Over time the soil structure, moisture levels and fertility of the soil will all improve.

Mulch can be applied at any time of year but early spring is best to keep the soil at the optimal level of moisture for warmer the growing season ahead.

Fertilizer for Healthy Hostas in Sandy Soil

Sand does not contribute any significant nutrients to the soil so it is important to use a fertilizer as hosta prefer a nutrient rich soil.

Hostas will only be able to grow to their full potential in terms of size and colour with feeding. The larger the hosta is, the more demand it has for nutrients so regular fertilizer is necessary.

Thankfully feeding hostas is not complicated. All they require is a generally balanced Nitrogen (N) potassium (P) and phosphorous (K) fertilizer at the start of spring once every two weeks, through to mid-summer. Do not apply any fertilizer after the middle of August as this will promote new growth whilst the plant should be preparing for winter dormancy.

Hostas do not require a specialised type of fertilizer and any reputable multi-purpose fertilizer brand (such as Miracle-Gro) will be perfect. These fertilizers will also contain important trace elements that are necessary for healthy hostas and they will make up the shortfall from nutrient poor sandy soil.

Regular mulching will help to promote long term fertility in the soil but it may not have the right balance of nutrients that hostas ideally need. So in sandy soils, a combination of mulch and fertilizer in the growing season will ensure healthy hostas will rich colour and luxuriant foliage.

Watering Hostas to Counter Dry Sandy Soil

Hostas grown in sandy soils will need to be watered more diligently than normal due to the quick drainage and the inability for sand to store water around the roots as other soils do.

Amending the soil with organic matter before planting and a regular application of mulch will help retain water and increase the hosta’s resilience to quick-draining soil and dry weather so it is important to implement these steps alongside regular watering.

  • Large hostas such as ‘Jade Cascade’ may need as much as 4 gallons of water per day in the hottest days of summer so that the soil does not run out of moisture. Water larger varieties with plenty of water once every 2-3 days in more overcast weather with occasional rainfall.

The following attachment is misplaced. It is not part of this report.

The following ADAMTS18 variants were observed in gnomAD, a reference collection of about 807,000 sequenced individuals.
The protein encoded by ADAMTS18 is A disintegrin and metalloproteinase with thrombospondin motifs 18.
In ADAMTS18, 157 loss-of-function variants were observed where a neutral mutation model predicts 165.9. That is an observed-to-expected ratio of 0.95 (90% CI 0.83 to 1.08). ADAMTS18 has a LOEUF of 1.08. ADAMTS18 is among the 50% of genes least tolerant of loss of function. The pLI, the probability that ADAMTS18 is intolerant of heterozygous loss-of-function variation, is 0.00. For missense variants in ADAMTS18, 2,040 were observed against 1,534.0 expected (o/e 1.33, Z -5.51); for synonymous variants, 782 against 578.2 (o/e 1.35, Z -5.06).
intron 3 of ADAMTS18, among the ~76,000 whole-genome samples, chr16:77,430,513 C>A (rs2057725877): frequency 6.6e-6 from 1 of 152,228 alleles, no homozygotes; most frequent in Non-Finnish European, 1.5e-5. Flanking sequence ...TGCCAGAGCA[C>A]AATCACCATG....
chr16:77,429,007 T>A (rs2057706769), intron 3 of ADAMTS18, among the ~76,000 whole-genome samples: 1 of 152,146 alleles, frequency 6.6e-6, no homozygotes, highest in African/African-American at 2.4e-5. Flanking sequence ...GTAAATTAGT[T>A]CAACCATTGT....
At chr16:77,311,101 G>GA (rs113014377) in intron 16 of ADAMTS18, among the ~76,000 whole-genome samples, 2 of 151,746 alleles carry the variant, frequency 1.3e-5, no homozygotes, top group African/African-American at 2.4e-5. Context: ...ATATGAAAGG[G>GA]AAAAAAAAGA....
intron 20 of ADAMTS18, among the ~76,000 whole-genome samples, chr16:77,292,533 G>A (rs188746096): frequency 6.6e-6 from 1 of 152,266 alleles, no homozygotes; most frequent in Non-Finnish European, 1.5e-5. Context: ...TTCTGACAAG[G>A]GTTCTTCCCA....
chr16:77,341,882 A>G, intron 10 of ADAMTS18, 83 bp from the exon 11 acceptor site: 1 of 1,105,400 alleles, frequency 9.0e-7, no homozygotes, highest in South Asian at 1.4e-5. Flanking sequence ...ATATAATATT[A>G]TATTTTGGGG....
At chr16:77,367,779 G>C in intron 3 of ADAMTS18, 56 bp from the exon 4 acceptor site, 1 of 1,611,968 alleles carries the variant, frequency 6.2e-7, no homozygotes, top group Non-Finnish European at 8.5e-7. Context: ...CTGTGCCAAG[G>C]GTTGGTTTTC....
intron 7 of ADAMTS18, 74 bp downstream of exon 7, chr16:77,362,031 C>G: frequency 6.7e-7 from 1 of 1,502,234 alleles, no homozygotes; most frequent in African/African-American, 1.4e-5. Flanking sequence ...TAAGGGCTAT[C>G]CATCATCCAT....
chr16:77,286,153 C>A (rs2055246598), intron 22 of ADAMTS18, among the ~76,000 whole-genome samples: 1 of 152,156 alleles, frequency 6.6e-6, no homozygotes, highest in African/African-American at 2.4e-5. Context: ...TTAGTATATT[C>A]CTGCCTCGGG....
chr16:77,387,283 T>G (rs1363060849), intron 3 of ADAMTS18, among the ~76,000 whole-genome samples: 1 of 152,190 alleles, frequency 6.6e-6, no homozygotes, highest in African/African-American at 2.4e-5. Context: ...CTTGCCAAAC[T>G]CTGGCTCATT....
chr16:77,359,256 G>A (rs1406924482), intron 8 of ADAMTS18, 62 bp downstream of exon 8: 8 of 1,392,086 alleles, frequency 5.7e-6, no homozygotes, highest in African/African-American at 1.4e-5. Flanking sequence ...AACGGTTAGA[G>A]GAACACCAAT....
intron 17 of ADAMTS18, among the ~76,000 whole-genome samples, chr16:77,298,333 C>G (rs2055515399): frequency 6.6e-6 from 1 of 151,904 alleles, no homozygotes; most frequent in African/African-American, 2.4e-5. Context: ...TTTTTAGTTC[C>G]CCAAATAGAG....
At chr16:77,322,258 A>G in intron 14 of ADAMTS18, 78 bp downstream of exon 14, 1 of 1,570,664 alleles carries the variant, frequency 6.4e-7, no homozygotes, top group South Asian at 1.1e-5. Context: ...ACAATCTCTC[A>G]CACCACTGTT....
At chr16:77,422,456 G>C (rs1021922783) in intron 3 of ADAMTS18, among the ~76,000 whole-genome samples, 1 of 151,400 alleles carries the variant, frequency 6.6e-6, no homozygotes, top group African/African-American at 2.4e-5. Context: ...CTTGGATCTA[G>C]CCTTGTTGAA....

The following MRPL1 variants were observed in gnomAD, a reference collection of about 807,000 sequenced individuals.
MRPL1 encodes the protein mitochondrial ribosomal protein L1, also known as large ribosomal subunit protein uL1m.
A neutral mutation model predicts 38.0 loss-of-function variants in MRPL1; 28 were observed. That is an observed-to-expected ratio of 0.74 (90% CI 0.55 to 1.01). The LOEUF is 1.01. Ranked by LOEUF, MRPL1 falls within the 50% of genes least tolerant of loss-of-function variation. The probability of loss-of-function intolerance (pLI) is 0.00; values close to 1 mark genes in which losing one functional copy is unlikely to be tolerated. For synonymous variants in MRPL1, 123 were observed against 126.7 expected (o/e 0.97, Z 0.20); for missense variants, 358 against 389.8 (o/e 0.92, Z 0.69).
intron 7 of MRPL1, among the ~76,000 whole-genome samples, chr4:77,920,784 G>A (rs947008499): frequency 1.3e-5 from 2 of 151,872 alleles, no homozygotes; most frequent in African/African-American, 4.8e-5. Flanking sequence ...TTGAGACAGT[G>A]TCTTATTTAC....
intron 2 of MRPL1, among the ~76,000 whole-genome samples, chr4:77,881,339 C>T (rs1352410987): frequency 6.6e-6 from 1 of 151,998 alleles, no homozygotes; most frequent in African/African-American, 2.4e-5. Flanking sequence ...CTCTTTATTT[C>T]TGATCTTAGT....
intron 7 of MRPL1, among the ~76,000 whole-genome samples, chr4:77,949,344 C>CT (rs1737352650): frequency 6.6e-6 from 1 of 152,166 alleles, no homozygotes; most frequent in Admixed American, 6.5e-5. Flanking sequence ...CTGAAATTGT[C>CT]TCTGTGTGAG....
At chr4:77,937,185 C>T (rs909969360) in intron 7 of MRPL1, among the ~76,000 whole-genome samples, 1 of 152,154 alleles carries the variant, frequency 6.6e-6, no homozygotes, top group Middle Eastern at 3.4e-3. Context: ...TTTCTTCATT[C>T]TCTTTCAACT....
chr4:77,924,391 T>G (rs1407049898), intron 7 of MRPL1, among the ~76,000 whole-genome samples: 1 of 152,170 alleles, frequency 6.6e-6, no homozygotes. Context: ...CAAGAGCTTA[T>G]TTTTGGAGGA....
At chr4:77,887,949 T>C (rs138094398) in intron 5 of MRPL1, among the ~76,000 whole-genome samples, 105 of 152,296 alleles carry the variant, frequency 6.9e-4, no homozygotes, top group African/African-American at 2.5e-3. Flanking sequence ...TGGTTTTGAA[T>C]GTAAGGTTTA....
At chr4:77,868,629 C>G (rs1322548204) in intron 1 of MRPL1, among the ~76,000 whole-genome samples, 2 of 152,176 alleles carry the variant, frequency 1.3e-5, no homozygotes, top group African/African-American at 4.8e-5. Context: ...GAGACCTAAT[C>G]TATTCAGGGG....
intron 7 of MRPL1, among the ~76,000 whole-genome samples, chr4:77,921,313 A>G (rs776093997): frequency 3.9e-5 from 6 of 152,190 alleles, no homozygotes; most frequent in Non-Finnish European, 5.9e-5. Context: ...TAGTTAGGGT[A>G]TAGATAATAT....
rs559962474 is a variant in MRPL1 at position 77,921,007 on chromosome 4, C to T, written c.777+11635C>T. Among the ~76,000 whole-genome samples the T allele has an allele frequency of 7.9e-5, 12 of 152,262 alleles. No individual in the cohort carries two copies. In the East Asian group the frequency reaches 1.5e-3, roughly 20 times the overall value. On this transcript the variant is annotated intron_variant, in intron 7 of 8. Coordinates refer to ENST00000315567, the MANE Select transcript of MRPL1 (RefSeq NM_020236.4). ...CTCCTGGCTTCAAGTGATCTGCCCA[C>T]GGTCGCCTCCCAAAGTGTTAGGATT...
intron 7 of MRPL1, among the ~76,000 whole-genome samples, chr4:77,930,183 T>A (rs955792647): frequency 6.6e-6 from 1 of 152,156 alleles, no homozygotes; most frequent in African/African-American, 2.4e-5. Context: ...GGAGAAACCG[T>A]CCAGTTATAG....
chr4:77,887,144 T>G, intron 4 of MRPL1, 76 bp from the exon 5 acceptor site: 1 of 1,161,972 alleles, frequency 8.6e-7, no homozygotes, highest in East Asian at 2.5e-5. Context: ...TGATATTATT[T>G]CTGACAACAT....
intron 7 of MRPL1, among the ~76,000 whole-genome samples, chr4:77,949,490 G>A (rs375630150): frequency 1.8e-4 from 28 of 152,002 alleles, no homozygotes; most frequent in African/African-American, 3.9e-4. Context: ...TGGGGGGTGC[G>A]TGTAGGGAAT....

• Medium and smaller size hostas will need watering once every 3 days when the leaves start to emerge in the Spring and watering with up to 1-2 gallons every 2-3 days in the high temperature of summer.

Always water hostas generously as this will encourage the roots to grow deep into the soil and therefore increase the plant’s resistance to drought in the quick-draining sandy soil.

Top Tip: Water hostas first thing in the morning as this will charge them with water for the day ahead. Watering at night is not advised as this will provide the ideal conditions for slugs and snails to emerge which have a taste for the succulent leaves of hostas.

Check Soil Moisture in Sandy Soils

Assuming you have the correct watering protocol in place for growing hostas it is also a good idea to check the soil moisture in the spring and summer months during dry spells particularly as sandy soils drain so quickly.

The easiest and most effective way to test soil moisture is to check a finger’s depth in the immediately surrounding soil around the hosta. If you can detect moderate moisture then your current watering or perhaps level of rainfall is sufficient to sustain the hosta in the hotter weather.

If the soil feels dry then you will need to give your hosta a good drink of at least 2 gallons to ensure the hosta’s soil remains at the correct moisture balance.

Another obvious sign is that hosta leaves may be drooping due to lack of water, in which case you should water thoroughly and add a layer of mulch to retain water and slow the rate at which the soil dries out.

Key Takeaways:

  • Hostas can be planted in gardens with sandy soil as long as you prepare the soil before planting.
  • Amending the soil with plenty of organic matter will help the soil retain moisture and increase the fertility of the soil. This is essential as sandy soils are often dry and nutrient poor.
  • Mulch hostas in the spring to improve the soil and retain water to prepare the plant for hotter summer days that can otherwise dry out the soil.
  • Fertilizer is essential to add the right balance of nutrients, for hostas to grow to their full potential in terms of size, colour and luxuriant foliage.
  • Water larger hostas varieties every day with around 3 gallons in the height of summer to maintain the optimal soil moisture conditions. Medium and smaller varieties will need 1-2 gallons per day in hot weather or water once every three days in more overcast or occasionally rainy weather.
  • Water hostas in the morning to charge them with water rather than in the evening which will encourage slugs and snails.
  • If you are unsure whether to water your hostas, check to a finger’s depth to detect moisture. If the soil is only somewhat moist or drying out water generously and add mulch to the surface for added water retention.